Gordon Matta-Clark, Splitting
Gordon Matta-Clark
Splitting: Four Corners, 1974
Courtesy of San Francisco Museum of Modern Art
Purchased through a gift of Phyllis Wattis, The Art Supporting Foundation to the San Francisco Museum of Modern Art, the Shirley Ross Sullivan Fund, and the Accessions Committee Fund: gift of Mimi and Peter Haas, Niko and Steve Mayer, Christine and Michael Murray, Helen and Charles Schwab, Norah and Norman Stone, and Danielle and Brooks Walker, Jr.
© Estate of Gordon Matta-Clark/Artists Rights Society (ARS), New York

to the overall piece that musicians haven’t explored so much—like a CD in relation to a live piece. Even a CD of a Beethoven Symphony only has a fractional relationship to the actual symphony, which exists in multiple versions somewhere in a kind of ideal state. I think sound artists, or contemporary artists working with sound and music composition, could be thinking more about artifacts that have a partial relationship to the whole as an interesting way of making a connection to live experience—I know I’m really interested in that as a performing artist and also as an orchestrator of events. The object doesn’t have to be equivalent to the experience. Not so much a documentary, but there are interesting ways of experience seeping into materials that in someway act as stand-ins.

STEPHEN VITIELLO: I think for me it’s always been important to represent that, but for there to be responsibility on the part of the museum, or gallery, or CD production company, or whoever to somehow give people context. What I see happen too often is that that element then gets presented as the work. People will think, ‘Oh I’ve seen that piece of Gordon Matta-Clark,’ even though all they’ve seen is an artifact or an element. When I look at some of these archival-based labels, there are labels that have done a good job describing the context under which this work was made, or even just saying that this is an except or one of the ways in which this work has been performed. In whatever form our mediums grow there’s the issue of archiving and how responsible people are describing that in detail and, depending on the artist, how much they want it said that this is the ultimate version or not the ultimate version.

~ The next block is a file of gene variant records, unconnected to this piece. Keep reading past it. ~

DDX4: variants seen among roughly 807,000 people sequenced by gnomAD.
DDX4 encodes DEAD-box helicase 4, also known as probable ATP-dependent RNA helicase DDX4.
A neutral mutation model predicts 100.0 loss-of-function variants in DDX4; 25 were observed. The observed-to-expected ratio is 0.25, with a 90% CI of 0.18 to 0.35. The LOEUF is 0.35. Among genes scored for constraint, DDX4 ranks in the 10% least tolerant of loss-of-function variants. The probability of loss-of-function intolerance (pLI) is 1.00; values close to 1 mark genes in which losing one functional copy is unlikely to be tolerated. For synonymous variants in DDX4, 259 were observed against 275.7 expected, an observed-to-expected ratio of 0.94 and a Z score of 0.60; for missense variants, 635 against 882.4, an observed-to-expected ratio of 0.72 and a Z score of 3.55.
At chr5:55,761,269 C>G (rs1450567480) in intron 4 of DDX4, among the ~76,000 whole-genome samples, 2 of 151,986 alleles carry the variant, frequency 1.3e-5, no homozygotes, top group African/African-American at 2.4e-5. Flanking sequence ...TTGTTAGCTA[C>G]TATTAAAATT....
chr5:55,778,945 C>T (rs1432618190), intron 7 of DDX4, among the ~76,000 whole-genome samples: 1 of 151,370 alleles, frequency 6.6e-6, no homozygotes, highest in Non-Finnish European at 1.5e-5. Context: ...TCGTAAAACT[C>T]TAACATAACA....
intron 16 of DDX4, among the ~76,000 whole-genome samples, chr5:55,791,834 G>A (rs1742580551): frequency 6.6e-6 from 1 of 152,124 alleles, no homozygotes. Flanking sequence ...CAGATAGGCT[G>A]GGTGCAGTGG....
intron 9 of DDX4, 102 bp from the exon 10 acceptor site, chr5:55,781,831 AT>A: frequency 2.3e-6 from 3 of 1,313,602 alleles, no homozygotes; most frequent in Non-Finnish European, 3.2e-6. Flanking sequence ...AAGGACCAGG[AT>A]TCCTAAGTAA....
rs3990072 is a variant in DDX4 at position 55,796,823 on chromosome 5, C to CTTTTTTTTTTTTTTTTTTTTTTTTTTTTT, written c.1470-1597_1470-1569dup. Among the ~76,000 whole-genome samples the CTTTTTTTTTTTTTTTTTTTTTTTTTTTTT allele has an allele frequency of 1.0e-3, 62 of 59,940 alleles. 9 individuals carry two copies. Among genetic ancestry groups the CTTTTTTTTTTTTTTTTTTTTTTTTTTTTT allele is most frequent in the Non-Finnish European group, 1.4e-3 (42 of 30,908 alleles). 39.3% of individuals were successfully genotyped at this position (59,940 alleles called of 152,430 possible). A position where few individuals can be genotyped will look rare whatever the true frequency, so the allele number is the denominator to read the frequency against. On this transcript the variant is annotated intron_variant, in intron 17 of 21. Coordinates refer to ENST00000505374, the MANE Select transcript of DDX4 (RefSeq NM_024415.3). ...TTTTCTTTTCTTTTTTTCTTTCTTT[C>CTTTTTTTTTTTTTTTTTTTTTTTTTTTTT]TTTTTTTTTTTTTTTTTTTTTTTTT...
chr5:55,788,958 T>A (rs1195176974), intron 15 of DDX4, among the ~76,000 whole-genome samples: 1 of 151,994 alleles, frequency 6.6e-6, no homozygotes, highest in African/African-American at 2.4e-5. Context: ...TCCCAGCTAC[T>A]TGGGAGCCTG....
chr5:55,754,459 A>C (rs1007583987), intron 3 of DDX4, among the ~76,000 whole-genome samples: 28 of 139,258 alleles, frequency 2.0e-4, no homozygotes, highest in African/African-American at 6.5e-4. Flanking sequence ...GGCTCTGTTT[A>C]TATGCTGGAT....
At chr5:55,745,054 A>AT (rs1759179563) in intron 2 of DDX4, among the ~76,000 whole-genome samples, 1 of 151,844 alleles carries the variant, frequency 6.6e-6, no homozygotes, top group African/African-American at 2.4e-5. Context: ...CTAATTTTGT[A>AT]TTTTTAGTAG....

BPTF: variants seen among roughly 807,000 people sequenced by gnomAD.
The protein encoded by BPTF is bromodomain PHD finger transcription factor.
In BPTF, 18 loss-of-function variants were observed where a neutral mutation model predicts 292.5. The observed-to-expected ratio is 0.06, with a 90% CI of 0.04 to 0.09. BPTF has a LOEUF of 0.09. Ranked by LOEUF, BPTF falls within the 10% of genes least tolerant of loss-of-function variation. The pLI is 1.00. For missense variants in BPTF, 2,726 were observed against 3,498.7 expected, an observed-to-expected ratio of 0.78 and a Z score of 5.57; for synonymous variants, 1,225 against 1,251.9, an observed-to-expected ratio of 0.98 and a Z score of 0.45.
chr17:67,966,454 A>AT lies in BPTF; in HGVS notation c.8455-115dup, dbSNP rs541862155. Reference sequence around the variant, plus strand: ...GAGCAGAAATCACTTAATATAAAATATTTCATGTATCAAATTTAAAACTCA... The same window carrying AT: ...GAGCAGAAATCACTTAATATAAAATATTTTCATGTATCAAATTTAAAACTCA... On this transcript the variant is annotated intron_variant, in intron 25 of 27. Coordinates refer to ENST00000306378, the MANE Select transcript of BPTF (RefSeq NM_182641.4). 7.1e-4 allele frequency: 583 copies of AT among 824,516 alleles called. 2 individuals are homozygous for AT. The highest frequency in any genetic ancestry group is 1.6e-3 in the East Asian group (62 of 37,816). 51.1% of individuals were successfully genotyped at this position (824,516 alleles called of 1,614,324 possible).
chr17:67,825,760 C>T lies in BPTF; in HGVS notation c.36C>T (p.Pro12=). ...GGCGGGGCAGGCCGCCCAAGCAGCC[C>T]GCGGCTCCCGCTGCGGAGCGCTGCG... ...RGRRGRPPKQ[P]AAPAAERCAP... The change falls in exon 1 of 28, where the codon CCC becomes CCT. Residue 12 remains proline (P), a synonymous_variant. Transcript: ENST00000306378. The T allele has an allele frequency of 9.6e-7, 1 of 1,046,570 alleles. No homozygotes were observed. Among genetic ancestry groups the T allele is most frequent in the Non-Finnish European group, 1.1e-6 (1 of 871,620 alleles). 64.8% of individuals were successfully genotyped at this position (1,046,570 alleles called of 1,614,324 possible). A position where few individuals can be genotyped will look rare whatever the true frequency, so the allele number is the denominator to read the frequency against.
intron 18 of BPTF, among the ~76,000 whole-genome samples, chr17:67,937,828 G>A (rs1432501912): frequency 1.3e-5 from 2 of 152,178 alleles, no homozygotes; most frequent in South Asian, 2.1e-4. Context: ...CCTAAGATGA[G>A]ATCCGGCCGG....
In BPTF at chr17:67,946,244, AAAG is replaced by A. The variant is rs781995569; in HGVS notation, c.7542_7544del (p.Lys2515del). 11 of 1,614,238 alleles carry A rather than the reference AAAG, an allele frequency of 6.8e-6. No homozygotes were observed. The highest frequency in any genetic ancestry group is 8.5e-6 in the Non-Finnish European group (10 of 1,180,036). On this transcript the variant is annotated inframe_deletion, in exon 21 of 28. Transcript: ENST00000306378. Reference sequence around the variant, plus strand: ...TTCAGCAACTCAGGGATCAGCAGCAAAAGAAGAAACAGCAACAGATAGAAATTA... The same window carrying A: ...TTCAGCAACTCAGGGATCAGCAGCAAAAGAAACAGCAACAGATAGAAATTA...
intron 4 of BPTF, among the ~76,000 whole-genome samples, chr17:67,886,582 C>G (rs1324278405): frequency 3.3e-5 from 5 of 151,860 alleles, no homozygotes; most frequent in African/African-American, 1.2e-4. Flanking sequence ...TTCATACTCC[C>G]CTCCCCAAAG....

MARINA ROSENFELD: Or conversely, how open the institution is to actually presenting the real experience—making available the opportunity to mount the live work, not just the after effect, or distilled object, or the history 20 years later. It seems like this is happening in certain places, which is good.

STEPHEN VITIELLO: I think so, too. I always had this thought, it goes back to when I was producing this CD of Nam June Paik’s audio pieces from the late ’50s. People will say, ‘Oh yes, I’ve heard Nam June Paik‘s Homage to John Cage,’ which was one of the works. Basically I found all the tapes he used to play in a performance in which he might have three tape recorders playing, but it’s not an actual tape of the whole piece. I tried to explain it in the liner notes, but it’s just that same kind of thing. Maybe it doesn’t deeply matter. Maybe it’s great that they heard something that they wouldn’t have otherwise heard. But for me it’s almost like: ‘Well, you heard the piano, but you didn’t hear the rest of the orchestra.’ The piano might have been the soloist, but you still had these other elements.